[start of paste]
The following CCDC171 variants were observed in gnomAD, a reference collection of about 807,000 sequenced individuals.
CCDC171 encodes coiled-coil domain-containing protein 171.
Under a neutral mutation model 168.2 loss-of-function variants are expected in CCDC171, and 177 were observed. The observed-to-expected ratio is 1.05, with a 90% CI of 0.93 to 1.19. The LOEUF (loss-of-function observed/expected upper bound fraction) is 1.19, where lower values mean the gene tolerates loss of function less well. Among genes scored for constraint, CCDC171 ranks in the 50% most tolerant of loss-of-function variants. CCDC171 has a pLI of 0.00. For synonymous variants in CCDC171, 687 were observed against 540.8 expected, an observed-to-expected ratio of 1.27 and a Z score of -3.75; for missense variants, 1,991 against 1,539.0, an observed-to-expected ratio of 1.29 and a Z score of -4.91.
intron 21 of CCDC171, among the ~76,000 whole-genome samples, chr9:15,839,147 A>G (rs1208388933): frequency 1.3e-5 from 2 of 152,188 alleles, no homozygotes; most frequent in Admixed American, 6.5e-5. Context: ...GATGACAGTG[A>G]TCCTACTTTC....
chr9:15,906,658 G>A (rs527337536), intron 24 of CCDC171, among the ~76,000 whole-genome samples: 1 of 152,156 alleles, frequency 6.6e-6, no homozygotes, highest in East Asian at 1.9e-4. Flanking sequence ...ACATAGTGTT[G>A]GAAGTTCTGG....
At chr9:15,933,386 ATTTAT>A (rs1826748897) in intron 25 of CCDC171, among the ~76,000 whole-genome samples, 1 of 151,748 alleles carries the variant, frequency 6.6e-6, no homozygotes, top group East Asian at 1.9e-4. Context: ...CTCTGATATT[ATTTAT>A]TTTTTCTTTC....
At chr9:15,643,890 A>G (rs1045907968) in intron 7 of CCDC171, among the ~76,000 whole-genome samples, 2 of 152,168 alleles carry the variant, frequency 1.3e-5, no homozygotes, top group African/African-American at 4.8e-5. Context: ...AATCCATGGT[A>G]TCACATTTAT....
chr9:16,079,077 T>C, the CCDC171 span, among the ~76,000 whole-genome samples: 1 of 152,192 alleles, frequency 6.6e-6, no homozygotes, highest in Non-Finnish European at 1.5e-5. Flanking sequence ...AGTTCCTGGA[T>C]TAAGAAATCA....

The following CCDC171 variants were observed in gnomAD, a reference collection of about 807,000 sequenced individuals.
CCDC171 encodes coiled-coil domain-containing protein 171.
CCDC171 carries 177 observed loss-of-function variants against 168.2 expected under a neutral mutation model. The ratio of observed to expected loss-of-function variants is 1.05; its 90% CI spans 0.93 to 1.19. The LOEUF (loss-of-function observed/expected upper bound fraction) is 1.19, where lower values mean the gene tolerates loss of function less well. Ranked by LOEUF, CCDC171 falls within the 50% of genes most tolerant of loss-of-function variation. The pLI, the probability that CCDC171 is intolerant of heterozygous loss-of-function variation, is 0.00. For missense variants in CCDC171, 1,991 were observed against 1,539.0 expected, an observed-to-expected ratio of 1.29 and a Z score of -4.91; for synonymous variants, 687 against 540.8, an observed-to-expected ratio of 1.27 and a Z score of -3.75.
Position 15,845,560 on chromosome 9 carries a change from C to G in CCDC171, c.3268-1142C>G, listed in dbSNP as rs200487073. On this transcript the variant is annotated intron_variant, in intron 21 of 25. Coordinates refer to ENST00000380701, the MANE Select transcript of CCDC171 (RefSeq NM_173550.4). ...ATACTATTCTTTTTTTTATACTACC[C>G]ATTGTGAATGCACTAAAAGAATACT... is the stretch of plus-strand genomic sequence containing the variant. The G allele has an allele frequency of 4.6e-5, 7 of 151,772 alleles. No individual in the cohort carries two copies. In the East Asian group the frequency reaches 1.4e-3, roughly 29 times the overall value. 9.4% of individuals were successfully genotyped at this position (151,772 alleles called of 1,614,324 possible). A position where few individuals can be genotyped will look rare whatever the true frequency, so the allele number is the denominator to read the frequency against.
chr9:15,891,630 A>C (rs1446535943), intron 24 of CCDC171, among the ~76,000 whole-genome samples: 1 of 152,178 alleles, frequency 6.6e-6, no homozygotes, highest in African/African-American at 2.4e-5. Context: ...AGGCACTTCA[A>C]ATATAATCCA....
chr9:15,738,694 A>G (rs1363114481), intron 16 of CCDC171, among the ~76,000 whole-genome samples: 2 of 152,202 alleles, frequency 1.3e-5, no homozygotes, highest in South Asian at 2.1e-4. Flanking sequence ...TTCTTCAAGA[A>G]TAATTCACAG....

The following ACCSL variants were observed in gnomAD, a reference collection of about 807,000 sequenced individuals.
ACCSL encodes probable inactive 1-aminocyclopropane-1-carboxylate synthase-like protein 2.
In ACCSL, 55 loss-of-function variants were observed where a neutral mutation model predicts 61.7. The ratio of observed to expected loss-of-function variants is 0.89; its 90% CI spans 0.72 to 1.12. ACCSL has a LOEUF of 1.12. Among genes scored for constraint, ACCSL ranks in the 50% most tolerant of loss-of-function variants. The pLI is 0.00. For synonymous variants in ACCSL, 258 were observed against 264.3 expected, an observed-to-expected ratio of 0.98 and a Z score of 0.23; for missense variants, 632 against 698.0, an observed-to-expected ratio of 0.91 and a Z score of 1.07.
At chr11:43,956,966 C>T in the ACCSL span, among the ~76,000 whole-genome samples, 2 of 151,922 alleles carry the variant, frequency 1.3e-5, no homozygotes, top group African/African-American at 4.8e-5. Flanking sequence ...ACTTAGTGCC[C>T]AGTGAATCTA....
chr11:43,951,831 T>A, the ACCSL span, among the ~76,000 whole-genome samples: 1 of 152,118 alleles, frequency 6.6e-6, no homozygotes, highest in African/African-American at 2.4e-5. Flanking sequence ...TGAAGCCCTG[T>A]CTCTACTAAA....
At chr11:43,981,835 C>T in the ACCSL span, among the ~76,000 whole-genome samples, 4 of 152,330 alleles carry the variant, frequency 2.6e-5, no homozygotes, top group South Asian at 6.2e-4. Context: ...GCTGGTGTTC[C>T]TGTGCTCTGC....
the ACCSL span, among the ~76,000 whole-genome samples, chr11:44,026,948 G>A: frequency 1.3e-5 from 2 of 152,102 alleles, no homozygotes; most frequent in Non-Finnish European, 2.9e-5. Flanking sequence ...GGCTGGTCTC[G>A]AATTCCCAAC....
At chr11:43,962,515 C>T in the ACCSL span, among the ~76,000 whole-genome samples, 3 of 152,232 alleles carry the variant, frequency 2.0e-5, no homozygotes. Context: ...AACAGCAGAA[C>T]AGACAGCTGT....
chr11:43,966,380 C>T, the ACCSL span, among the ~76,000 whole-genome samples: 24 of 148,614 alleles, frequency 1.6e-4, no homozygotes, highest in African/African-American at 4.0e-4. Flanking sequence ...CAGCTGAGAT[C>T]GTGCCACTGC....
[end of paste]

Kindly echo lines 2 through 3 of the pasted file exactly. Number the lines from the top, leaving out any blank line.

CCDC171 encodes coiled-coil domain-containing protein 171.
Under a neutral mutation model 168.2 loss-of-function variants are expected in CCDC171, and 177 were observed. The observed-to-expected ratio is 1.05, with a 90% CI of 0.93 to 1.19. The LOEUF (loss-of-function observed/expected upper bound fraction) is 1.19, where lower values mean the gene tolerates loss of function less well. Among genes scored for constraint, CCDC171 ranks in the 50% most tolerant of loss-of-function variants. CCDC171 has a pLI of 0.00. For synonymous variants in CCDC171, 687 were observed against 540.8 expected, an observed-to-expected ratio of 1.27 and a Z score of -3.75; for missense variants, 1,991 against 1,539.0, an observed-to-expected ratio of 1.29 and a Z score of -4.91.